Keeping Melanoma Away Begins With Prevention
When I was a tween, my family took a vacation to Walt Disney World in Florida. During that trip, I got sun poisoning. I only remember two things about that experience. The first is being in the Christmas store at Downtown Disney and wanting to sit down because the backs of my legs hurt so much. The second was lying on my stomach back in the hotel room, with ice packs on my legs, trying to help ease the pain.
It was during that trip that I learned to respect the power of the sun. I understand now that we simply do not get along. I have very fair skin. When I spend too much time in the sun I turn red and burn. Then I turn back to pale. There is no tanning. There is no summer bronze glow, and I’ve learned to be OK with that.
When I became a parent, I was acutely aware of the importance of protecting my son’s skin from the sun. I decided to try my best to prevent my child from having the same issues with the sun that I had experienced in my youth. It’s easy when they are babies — wide brimmed hats and covers on strollers provide a lot of good protection, but once they get mobile it becomes more difficult. In the rush to get out the door and remember everything you need, it can be a challenge to remember the sunscreen, but I think it is something every parent should keep in his or her bag along with baby wipes and hand sanitizer. Children’s skin is especially susceptible to sun damage and, as parents, we need to protect it as best we can, not just at the beach but at the playground and soccer practice, and really anytime they are outside for extended periods of time. Personally, I’m a fan of the spray-on sunscreen that can be quickly and easily applied. However, as I was reminded, applying from a spray can be less effective because most of us don't rub the sunscreen in as is directed. Mental note — always rub in your sunscreen for maximum protection.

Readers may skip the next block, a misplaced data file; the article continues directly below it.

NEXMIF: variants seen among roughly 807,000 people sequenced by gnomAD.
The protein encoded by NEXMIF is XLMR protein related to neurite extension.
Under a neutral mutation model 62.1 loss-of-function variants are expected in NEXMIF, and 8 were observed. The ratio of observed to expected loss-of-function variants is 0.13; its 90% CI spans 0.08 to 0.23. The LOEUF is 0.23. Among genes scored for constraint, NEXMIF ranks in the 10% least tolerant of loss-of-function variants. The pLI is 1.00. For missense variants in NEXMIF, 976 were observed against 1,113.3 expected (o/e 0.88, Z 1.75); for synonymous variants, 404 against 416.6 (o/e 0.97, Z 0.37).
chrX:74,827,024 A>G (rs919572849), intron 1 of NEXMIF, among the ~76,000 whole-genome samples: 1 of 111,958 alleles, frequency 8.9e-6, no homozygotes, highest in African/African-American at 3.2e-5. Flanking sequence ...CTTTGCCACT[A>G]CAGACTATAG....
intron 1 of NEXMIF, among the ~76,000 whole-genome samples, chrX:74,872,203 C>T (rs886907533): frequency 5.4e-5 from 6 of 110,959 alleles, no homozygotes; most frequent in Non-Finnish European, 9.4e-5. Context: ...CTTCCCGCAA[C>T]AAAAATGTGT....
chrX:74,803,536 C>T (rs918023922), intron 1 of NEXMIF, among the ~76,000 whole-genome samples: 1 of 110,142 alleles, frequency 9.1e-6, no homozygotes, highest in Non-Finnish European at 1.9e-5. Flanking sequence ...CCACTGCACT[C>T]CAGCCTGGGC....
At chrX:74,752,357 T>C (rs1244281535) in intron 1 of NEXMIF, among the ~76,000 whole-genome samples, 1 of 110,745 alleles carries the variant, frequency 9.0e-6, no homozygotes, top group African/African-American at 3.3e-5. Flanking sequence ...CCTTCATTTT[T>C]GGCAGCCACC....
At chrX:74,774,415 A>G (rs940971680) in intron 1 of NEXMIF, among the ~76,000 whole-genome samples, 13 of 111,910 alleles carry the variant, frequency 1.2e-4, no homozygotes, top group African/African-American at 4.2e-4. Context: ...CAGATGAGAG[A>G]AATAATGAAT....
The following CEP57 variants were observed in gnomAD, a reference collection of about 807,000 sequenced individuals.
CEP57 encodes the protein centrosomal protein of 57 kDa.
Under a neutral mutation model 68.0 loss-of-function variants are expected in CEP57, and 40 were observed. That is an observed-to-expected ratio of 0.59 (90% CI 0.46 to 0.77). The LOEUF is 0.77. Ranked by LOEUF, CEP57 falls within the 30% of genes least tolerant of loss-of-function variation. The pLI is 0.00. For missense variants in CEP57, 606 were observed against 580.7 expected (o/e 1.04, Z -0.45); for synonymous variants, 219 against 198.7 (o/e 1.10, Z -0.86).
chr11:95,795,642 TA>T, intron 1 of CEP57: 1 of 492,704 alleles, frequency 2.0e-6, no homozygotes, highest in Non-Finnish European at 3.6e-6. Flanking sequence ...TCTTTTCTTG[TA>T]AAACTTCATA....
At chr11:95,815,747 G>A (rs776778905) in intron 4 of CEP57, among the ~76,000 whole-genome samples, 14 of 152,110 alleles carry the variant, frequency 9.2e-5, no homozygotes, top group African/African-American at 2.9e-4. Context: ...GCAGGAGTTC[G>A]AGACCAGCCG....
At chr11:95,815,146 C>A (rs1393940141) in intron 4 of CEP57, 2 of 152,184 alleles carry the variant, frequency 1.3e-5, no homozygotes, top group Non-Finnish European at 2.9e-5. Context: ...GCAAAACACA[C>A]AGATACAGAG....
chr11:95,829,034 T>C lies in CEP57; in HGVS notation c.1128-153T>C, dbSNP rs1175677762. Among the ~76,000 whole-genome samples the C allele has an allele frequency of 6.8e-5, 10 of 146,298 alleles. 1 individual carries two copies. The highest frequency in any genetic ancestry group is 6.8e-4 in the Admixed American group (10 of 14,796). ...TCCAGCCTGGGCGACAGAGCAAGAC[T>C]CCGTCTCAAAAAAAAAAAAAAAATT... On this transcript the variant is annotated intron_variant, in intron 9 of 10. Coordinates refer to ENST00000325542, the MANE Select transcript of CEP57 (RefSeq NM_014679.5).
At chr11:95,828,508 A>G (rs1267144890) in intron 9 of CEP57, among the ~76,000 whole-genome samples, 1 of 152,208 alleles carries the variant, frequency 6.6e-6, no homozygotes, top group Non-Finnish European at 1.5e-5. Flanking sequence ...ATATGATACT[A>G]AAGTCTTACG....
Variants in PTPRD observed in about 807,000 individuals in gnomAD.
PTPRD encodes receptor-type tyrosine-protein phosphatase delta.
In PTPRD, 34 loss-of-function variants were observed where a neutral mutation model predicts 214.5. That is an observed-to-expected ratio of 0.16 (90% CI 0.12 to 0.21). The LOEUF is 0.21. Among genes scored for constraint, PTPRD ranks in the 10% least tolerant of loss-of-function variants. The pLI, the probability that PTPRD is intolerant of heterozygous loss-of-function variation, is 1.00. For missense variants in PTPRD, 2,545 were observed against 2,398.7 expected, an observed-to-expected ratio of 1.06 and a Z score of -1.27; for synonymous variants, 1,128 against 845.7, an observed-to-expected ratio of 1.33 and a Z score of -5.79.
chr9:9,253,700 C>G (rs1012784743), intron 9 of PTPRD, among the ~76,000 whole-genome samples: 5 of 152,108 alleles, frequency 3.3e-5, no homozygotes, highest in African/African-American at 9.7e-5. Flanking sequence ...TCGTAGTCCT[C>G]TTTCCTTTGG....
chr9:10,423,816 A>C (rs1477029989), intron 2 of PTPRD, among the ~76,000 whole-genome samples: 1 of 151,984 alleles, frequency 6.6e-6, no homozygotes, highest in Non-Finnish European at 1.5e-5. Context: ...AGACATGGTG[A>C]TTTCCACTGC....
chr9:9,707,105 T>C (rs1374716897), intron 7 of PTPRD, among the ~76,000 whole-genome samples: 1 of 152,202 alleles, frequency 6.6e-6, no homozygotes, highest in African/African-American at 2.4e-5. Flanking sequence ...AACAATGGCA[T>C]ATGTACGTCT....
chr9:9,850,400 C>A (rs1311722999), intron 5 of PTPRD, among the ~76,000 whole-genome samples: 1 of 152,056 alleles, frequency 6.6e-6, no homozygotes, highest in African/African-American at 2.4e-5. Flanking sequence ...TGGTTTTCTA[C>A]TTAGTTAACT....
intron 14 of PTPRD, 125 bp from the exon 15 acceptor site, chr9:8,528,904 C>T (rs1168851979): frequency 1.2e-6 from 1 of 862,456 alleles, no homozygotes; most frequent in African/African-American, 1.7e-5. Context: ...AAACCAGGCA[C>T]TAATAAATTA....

In an effort to be more pro-active about my health, and perhaps to set a good example for my son, I recently went to the dermatologist for the first time. I made my appointment after I learned that May is Melanoma Awareness month. Yes, it’s totally weird to have someone look over every inch of skin on your body, including between your toes, with a lighted magnifying lens, but it’s also 100 percent pain-free and easy to do and afterwards, you’ll feel better knowing what is going on with all of your particulars spots and moles. I'm happy to report that I'm in good shape, but I've learned that not protecting your skin from the sun can be quite dangerous … even deadly.
I have a friend who writes a blog about Melanoma Awareness called Black is the New Pink. (http://blackispink.blogspot.com/) He started his blog after losing his brother to this disease. The name of the blog comes from the hope that the success and recognition of the pink ribbon campaign for breast cancer will eventually transfer over to the black ribbon campaign for melanoma. He provides a lot of good information about what melanoma is and how it can be prevented. Most people have a misconception that if it’s on your skin it can just be cut out and removed. But melanoma is much more pervasive and dangerous than that.
He led me to a local woman who blogs as Polka Dot Mama. (http://polkadotmama.org/). She puts together a gala each year to raise money for melanoma research called A Taste for a Cure and is just one many in our community who are are working hard to fight this preventable and mostly curable disease. It's so much more than just a sunburn or even sun poisoning. Take the time to have a dermatologist look at any suspicious spots or moles. The key to survival is early detection and action. And please keep your kids protected with proper sunscreen, hats and sun glasses when they are out in the sun. This will help ensure that they have happy summer memories and healthy skin for years to come.
Maureen Churchill works full-time outside the home and is a mom to one wonderful little boy. Check in with her to see how she is searching for ways to balance her work and home responsibilities, as well as what she is doing to consciously slow down and pay more attention to the little moments that actually turn out to be the things that make parenthood magical.